VA Medical Center Dedicated at Mather
Spectrum staff writer
Cedric Nichols, a 63-year-old tenor saxophonist, composer and arranger by trade,
found himself rhapsodizing about his first-ever admission to a Veterans Affairs
Nichols, of San Leandro, served in the U.S. Marine Corps from 1958 to 1960,
and in the Marine reserves from 1960 to 1966. He recently checked into the
new inpatient tower at the Sacramento VA Medical Center at Mather Field for
extensive tests to address a blood clot in his right leg.
“They’re trying to find out exactly what’s causing the problem.
I went in on Father’s Day for a blood clot and thought it was all over
with. So they’re doing tests to find out exactly what the problem is,” Nichols
“It’s beautiful. I like the hospital,” he noted while enjoying
a bowl of soup. “The food is good. … I think [the Medical Center]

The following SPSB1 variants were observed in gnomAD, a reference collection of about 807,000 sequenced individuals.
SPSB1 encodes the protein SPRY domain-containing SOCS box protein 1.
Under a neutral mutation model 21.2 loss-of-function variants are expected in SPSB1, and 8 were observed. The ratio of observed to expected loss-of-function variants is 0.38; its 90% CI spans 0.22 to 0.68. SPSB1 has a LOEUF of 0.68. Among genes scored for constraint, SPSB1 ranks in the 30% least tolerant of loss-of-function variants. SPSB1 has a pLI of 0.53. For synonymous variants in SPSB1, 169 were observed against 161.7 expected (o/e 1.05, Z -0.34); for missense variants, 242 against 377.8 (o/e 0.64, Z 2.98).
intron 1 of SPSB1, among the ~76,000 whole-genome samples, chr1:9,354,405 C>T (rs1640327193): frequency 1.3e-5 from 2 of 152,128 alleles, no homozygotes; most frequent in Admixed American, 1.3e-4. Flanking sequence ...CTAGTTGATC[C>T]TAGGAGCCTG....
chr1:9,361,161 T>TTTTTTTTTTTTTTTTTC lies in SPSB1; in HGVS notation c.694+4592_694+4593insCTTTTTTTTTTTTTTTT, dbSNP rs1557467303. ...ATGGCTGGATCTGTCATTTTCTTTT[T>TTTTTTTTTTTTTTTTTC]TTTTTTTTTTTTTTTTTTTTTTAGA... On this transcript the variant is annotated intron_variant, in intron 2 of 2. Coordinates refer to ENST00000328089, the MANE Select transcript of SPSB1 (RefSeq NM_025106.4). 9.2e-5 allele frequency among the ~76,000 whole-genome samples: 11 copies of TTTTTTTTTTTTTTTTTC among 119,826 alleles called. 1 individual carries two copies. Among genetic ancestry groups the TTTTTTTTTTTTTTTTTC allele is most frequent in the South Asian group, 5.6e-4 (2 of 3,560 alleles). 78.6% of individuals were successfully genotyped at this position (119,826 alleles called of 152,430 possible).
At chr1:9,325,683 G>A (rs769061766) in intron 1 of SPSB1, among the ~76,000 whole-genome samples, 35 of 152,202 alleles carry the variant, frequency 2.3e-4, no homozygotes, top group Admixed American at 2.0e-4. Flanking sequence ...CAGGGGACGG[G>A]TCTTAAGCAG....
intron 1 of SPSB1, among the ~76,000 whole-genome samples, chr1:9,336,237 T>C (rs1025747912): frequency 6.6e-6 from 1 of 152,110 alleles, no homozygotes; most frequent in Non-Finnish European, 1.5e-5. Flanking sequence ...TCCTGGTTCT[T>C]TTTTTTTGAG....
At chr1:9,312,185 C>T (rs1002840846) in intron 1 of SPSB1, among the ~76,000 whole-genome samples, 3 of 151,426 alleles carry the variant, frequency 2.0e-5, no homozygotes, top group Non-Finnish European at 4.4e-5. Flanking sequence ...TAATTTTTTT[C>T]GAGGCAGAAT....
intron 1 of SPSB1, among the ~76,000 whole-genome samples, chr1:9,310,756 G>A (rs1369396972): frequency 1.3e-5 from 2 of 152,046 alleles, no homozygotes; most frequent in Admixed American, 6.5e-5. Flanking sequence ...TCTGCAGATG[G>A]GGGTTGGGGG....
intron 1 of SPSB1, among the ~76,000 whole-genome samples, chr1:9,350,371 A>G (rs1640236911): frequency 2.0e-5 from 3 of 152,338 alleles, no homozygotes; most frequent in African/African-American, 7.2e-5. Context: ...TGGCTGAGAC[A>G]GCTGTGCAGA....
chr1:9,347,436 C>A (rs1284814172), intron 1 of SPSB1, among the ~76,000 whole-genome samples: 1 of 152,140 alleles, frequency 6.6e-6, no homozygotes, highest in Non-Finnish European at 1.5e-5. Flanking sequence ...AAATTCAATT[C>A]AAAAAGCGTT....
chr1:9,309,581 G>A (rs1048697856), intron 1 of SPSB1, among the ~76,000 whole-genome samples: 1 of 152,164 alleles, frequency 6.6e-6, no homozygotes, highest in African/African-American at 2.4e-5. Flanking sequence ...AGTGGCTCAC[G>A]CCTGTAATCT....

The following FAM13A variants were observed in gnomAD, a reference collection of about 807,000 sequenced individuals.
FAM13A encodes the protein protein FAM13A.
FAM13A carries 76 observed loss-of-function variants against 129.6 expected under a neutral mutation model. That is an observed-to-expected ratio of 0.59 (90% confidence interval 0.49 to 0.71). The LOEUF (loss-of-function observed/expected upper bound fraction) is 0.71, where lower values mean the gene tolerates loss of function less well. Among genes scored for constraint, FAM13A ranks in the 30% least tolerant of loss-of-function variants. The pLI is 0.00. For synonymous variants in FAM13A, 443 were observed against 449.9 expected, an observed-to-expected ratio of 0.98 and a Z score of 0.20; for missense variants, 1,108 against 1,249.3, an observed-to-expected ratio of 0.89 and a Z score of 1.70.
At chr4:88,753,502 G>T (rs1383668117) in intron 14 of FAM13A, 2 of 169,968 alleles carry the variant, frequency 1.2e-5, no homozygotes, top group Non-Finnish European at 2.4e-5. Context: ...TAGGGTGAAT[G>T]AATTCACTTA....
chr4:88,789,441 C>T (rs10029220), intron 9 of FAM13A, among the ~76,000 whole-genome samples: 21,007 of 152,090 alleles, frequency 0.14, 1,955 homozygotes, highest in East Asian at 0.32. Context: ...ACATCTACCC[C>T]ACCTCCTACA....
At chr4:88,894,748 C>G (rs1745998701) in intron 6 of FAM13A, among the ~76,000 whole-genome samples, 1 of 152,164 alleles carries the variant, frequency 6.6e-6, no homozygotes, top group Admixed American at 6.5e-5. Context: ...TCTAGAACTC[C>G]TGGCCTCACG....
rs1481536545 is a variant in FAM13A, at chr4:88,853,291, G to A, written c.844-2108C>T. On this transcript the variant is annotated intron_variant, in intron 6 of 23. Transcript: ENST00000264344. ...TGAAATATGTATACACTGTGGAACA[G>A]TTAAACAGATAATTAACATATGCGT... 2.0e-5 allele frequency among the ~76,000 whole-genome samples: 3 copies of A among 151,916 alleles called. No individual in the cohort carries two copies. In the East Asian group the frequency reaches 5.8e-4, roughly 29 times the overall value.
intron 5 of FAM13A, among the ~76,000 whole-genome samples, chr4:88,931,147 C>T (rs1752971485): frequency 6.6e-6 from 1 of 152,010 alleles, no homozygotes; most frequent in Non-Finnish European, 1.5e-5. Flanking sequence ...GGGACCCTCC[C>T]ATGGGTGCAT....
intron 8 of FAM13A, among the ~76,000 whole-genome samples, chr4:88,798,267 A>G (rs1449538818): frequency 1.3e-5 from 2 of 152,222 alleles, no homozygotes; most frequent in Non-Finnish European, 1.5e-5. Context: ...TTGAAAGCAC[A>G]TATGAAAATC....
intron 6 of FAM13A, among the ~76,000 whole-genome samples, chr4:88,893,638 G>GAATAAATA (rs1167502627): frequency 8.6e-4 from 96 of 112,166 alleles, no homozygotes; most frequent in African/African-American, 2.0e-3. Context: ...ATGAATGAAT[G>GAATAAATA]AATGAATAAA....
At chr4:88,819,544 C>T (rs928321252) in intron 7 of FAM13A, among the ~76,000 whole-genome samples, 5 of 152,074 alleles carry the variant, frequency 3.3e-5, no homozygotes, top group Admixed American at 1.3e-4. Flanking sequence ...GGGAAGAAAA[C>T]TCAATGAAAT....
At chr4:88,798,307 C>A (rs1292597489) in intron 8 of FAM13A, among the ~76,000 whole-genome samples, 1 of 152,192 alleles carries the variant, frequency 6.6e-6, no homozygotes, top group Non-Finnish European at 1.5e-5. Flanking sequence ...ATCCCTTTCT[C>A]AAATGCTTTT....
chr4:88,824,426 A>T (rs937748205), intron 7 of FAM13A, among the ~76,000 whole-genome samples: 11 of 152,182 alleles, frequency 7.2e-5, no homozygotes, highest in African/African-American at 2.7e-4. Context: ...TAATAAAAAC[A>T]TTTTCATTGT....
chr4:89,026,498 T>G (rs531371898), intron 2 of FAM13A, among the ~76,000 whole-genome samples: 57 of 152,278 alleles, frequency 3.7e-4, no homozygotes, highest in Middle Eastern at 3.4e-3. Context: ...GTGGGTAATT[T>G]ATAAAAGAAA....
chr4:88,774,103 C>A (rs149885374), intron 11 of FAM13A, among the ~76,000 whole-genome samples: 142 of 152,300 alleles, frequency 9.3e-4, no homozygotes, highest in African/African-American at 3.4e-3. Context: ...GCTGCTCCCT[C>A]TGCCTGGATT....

is great. But they should have more.”
An assessment that would be music to the ears of Anthony J. Principi, secretary
of veterans affairs for the Bush administration.
Speaking by telephone en route to the Oct. 30 dedication of the inpatient tower
from San Francisco, Principi pointed to the Sacramento VA Medical Center as
an example of the administration’s commitment to the post-military medical
needs of America’s war veterans.
“This is not my father’s VA, that’s to be sure,” Principi
said. “If you travel across the country, you’ll see that we’re
doing the same thing throughout America. We’ve opened up some 700 outpatient
clinics in recent years. It’s modern, it’s technologically advanced,
and it’s the place to go for health care.”
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